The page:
Attacked by a Student

Just 10 years ago, the student who beat Carrie Brison and punched Amy Rosenau might have been placed in a regional center setting.

Instead, he found his way to Lincoln High School last February. By October he had been involved in three assaults on teachers, the last of which sent Brison and Rosenau to the ER by ambulance.

Both believe more paraprofessionals and teachers in special education classrooms, and more mental health care for students in general, could cut the number of outbursts educators encounter.

In some cases student placement might be in error.  “The type of student who attacked me more than likely would have been placed in a regional center type setting in the past, even just 10 years ago.  And he probably would be very successful there. It’s very structured, very routine,” she said.

Brison would know. She manages a hefty case load that includes clients in the Lincoln Regional Center.  She completed student teaching for her behavior endorsement at the Lincoln Regional Center when Morton School was still part of the programming at the Regional Center. She is a former MANDT (de-escalation/restraint) trainer for LPS and is MANDT-certified. She previously taught in the Behavior Core Program and now has 20 years with LPS.

‘I Felt My Neck Pop’ 

In October, Brison was in her classroom working with the student on IEP-related coursework when, unprovoked, the student came after her.  The call-for-help button in her room was unreachable from where the student had her pinned after pulling her down by her hair. She was being punched in the base of the head and neck repeatedly. She yelled for help, hoping someone would come to her aid.

Her cries were answered by Rosenau who quickly hit the call button.  At that point, the student had Brison by her ponytail and “was just pounding her,” said Rosenau.

The first call button was either not heard or was not pushed hard enough. The button was pushed several more times as both teachers called out again for help. 

In the meantime, the student threw a board at Brison and lifted a chair into the air in an attempt to strike Brison.  They both grabbed the chair and managed to get it to the floor.  The student proceeded to push both teachers and the chair toward the back of the classroom where they became entangled and fell to the floor.  The intercom came on and a staff member asked if they needed help, both teachers screamed “YES!” The student then began punching Brison again.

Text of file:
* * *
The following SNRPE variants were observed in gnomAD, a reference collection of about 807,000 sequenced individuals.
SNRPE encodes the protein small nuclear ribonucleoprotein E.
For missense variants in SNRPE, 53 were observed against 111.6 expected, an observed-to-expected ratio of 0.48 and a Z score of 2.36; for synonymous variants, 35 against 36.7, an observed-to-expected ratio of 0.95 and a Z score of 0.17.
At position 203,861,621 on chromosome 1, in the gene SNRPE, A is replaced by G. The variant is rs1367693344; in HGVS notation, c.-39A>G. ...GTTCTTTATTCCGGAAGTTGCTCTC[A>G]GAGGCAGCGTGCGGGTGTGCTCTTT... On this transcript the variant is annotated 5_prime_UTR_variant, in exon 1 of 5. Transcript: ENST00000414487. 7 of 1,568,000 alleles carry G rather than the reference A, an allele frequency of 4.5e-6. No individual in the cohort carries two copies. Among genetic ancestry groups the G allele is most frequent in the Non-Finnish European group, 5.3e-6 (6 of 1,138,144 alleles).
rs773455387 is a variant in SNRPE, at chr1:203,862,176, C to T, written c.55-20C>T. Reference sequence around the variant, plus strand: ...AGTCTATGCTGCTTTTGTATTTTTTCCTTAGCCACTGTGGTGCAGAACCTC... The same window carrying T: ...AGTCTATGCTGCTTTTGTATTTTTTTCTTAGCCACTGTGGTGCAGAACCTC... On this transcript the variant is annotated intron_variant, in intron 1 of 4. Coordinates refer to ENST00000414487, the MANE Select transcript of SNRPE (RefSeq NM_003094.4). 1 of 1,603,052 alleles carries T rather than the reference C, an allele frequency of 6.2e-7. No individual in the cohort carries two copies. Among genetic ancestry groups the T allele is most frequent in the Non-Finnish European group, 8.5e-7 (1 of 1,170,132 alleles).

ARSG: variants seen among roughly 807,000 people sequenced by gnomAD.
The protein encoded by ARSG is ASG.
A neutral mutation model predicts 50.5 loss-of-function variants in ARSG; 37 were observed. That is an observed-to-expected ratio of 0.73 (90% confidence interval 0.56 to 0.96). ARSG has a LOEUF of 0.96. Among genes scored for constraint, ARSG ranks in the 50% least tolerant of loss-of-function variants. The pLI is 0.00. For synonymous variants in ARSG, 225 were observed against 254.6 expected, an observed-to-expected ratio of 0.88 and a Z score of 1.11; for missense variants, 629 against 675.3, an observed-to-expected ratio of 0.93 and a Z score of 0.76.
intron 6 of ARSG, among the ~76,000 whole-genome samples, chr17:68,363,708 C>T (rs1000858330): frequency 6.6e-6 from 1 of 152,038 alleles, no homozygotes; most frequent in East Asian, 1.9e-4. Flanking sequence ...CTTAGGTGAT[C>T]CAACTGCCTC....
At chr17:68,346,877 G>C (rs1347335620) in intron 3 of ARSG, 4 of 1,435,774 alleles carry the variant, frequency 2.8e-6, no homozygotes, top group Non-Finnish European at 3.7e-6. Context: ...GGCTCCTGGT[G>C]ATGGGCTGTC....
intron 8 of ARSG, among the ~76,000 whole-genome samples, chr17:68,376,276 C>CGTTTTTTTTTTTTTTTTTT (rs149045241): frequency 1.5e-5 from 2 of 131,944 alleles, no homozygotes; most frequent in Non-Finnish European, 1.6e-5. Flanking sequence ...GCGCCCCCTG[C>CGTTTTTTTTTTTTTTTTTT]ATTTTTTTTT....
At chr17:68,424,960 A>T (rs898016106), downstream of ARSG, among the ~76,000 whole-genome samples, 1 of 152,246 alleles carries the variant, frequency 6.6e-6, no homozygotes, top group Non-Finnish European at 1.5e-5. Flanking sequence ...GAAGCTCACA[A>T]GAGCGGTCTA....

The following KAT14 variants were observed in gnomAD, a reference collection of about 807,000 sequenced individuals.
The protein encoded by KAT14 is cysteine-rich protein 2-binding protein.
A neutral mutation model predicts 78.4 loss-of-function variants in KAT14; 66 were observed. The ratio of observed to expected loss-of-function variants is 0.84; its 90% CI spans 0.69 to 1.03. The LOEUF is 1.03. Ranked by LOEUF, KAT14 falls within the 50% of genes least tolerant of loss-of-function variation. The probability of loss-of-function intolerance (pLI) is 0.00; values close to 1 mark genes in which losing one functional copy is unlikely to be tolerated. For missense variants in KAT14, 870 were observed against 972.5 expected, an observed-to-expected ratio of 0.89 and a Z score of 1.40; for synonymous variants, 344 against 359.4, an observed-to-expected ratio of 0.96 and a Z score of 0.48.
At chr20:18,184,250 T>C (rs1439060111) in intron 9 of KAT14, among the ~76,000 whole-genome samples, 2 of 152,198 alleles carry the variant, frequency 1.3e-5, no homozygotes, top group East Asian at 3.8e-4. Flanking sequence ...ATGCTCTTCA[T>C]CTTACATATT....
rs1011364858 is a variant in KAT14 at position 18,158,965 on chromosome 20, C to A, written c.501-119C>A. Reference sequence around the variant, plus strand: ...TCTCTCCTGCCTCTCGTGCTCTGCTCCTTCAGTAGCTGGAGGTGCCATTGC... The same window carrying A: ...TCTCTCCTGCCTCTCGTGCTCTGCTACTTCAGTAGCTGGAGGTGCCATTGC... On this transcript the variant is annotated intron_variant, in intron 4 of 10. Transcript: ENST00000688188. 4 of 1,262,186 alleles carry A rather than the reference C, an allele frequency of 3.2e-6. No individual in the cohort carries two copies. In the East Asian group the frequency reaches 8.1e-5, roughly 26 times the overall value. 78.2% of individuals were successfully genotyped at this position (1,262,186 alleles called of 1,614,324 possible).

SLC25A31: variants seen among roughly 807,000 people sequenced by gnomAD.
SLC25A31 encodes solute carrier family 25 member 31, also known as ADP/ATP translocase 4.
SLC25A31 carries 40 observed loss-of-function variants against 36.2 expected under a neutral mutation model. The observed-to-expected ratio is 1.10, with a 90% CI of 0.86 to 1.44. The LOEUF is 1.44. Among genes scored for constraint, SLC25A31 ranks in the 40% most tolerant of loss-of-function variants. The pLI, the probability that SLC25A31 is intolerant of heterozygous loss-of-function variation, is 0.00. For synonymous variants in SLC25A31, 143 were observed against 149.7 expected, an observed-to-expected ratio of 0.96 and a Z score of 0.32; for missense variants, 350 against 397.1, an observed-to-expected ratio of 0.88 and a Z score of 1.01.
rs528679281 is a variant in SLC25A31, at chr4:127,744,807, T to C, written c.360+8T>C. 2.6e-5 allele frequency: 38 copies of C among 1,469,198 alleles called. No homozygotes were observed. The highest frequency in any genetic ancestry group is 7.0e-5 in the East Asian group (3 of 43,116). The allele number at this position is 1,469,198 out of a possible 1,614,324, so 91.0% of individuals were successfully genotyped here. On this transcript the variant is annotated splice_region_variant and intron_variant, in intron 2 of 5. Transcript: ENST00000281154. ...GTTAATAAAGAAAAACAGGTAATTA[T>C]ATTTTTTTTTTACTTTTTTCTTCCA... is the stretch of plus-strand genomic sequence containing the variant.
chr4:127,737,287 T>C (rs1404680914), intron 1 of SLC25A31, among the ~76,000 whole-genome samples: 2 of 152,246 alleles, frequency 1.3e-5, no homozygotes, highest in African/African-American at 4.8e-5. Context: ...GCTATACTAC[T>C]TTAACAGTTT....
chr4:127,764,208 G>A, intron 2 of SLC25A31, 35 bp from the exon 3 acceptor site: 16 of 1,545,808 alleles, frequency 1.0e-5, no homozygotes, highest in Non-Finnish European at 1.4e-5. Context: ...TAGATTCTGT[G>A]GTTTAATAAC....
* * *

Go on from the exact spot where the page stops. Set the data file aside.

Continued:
“I yelled at him to stop, and he came at me. He punched me in the jaw. I felt my neck pop and everything kind of went black for a little bit,” said Rosenau.

Shortly after that, a school resource officer entered the room, and the student just stopped.

“He later told the officer he was hitting me with all his force,” said Brison. “He made it abundantly clear that had he had knives, he would have stabbed me to death and I wouldn’t be able to do anything.”

Said Rosenau: “That tells me that he is cognitively aware of what he is doing, and the repercussions of what he is doing.”

The Trauma is ‘Outrageous’

School officials summoned an ambulance, and Brison and Rosenau were taken to a hospital, treated and released. Both are still in physical therapy and dealing with lifting restrictions. Even so, they each pushed to return to the classroom, taking just a couple of days off.

“These kids depend on us for dignity and safety, so we can’t have that many people gone,” said Rosenau. “They have to be taken to the bathroom and changed. They have to have their tube feedings at the nurse’s office. If there’s not enough people…”

They agree that more help is needed.  “Staffing is No. 1,” said Brison.

“We need more people, so many more resources,” said Rosenau.

Brison believes an immediate debriefing would have been a good idea. “I’m trained to work with individuals such as this student. I never want to touch a student in crisis, but this time, I was never given the opportunity to protect myself, or keep myself safe. It is an isolating, scary situation,” she said.

On a larger scale, she said such assaults need to be reported and measured in one statewide system that collectively looks at the data, perhaps giving the child a “trauma” designation in the computer system, alerting staff to a background of trauma.

“We get notices of a student having an IEP, why not trauma?” said Brison.  “The amount of trauma kids come to us with is outrageous.”

Broader support for mental health care would help.  The amount of trauma and safety situations we see on a daily basis is alarming, and funding and programming continues to be cut, said Brison.

“We’re providing clothes for these kids. We’re providing food, but we’re not providing a way to make it better,” said Brison. “It’s going to require money. It’s going to require training. It’s going to require time.  And it’s not going to go away.”